When you execute a
restic prune, judging by the output (e.g.
building new index for repo), it appears to first do the same thing that
restic rebuild-index does.
If so, it would be helpful to (many users?) if it first checked if the index has already been recently successfully rebuilt, with no significant operations done since, with the exception of related things like the following:
- Any number of additional
restic rebuild-indexfor whatever dumb reason
Yes this would probably fall under one or more of the following categories:
- “Protecting The User From Themselves”
- “Stupid User Tricks”
- “Users Who Think They Are Smarter Than Restic Devs”
But since rebuilding the index can be among the most incredibly expensive things done (in terms of time) aside from an actual long backup job, this could relieve a considerable amount of pain involved in any of those three categories - which, lets face it, are all pretty common and is only going to get worse as our species devolves into what the documentary “Idiocracy” predicts.
And yes, I often find myself in all three of those categories at once. Since my backups often get interrupted (regardless of fancy gymnastics to select smaller backup sets), and since I have a natural distrust of humans no matter how well-designed and written software seems to be, my backup script was periodically first doing a rebuild index, then restore, then forget, then prune. (Yes I now understand that was unnecessary and not even accomplishing what I thought it was.) The point being, the first and last step in that chain were apparently doing, in subset, the same thing - rebuilding the local index from scratch.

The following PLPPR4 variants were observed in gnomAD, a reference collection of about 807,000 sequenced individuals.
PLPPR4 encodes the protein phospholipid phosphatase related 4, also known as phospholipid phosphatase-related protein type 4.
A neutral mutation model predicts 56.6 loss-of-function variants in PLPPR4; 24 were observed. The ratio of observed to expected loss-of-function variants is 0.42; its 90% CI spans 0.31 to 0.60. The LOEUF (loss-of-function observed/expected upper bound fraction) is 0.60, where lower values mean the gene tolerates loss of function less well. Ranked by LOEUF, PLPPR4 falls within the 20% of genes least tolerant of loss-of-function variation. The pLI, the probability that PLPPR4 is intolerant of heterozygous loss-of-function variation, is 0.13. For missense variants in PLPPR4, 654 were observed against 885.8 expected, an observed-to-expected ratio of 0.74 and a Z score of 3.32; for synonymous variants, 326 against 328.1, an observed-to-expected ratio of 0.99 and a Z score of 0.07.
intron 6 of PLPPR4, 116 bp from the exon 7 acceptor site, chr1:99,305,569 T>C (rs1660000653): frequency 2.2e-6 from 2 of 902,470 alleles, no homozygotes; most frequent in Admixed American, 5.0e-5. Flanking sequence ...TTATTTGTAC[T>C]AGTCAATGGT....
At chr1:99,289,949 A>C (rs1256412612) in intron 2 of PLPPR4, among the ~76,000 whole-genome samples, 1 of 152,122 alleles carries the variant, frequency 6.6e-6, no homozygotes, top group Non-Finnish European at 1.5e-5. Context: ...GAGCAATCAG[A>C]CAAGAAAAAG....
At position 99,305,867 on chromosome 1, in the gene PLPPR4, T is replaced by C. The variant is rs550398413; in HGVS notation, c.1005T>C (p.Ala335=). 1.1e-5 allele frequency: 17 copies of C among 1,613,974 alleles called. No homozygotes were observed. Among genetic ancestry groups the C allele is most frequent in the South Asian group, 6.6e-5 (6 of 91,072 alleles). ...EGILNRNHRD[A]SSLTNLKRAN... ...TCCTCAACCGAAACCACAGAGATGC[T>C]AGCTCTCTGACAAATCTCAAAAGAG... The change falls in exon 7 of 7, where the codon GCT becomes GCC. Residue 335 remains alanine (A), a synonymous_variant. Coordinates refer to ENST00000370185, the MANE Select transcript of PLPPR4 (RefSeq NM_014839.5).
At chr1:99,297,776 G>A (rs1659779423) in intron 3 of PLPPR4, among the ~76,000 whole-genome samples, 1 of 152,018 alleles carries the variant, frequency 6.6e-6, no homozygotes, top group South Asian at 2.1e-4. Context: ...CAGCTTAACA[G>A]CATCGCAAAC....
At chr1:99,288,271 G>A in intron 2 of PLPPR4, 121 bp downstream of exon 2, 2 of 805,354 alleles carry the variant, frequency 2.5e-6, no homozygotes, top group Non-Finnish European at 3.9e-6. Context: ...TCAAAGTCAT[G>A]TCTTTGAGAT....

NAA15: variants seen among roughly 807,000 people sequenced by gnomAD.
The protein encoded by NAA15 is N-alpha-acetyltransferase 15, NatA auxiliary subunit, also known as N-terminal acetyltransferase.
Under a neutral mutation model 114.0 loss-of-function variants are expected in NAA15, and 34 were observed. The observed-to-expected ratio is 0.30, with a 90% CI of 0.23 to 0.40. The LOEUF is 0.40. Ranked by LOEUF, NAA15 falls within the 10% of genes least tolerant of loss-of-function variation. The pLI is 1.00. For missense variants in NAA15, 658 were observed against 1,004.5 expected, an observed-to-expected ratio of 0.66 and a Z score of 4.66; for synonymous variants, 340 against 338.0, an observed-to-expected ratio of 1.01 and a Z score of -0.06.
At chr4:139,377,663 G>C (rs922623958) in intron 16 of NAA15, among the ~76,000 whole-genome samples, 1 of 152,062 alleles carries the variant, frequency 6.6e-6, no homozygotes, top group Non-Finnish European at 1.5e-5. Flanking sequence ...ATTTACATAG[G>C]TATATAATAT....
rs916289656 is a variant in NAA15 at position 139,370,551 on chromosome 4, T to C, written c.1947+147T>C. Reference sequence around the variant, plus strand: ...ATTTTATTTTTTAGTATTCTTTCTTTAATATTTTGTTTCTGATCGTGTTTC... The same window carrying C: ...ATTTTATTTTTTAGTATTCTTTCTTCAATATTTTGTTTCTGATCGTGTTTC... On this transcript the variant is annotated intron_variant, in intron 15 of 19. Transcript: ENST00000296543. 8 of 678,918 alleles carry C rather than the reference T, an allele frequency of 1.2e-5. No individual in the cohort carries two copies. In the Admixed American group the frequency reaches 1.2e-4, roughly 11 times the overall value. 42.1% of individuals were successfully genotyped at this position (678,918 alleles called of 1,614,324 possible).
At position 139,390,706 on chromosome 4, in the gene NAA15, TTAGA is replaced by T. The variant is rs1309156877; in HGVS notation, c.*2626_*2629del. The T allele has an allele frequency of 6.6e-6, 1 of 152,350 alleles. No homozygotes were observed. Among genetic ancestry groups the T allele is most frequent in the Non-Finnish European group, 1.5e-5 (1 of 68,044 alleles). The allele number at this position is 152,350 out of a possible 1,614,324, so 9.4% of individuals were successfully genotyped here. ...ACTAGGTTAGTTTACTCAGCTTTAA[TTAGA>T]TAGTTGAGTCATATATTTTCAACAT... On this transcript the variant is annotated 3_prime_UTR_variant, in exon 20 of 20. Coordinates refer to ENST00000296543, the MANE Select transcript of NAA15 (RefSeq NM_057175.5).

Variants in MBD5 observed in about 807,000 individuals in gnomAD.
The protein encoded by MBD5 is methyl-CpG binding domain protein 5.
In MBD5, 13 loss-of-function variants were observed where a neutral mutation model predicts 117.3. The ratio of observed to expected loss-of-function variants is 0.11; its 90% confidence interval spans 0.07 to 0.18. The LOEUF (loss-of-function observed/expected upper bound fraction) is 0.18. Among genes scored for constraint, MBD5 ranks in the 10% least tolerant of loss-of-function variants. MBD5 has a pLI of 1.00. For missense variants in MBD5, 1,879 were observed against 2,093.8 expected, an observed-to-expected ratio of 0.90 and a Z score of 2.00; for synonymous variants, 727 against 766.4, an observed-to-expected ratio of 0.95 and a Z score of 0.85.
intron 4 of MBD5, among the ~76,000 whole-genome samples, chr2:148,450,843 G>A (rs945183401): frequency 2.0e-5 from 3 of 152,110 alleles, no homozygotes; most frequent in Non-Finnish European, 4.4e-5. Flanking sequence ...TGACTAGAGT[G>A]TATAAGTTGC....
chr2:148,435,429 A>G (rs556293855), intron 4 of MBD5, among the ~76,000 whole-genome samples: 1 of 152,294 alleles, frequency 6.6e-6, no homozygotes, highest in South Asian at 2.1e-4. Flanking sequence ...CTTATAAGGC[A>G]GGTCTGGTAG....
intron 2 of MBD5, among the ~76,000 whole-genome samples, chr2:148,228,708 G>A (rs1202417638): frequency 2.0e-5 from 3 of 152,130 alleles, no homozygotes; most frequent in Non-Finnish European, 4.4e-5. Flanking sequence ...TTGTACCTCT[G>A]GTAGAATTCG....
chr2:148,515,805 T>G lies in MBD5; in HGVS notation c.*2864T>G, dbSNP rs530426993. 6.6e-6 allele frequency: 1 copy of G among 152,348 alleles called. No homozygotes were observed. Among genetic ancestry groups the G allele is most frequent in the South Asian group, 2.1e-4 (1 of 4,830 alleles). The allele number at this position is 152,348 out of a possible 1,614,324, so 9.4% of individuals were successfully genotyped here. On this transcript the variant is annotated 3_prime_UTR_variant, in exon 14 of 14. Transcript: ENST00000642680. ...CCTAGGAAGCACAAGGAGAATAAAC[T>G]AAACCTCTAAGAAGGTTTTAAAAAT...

Sure, we can’t always invest stretched resources just to help users avoid pain when they do stupid things. But with pain that severe, and IF it (hypothetically) involved only checking a few flags and with no interface change, then why not?
After all, one of the biggest hurdles to adopting backup software - or any CLI-based FLOSS software exceeding some level of complexity or heavy-lifting, especially when storage and/or transfer costs could be quite high - is learning what the software lets you do without complaint but is either harmful, expensive, and/or completely unnecessary. (Trust me on that. I’ve evaluated at least a dozen FLOSS and commercial backup products. Often involving considerable pain and/or expense. )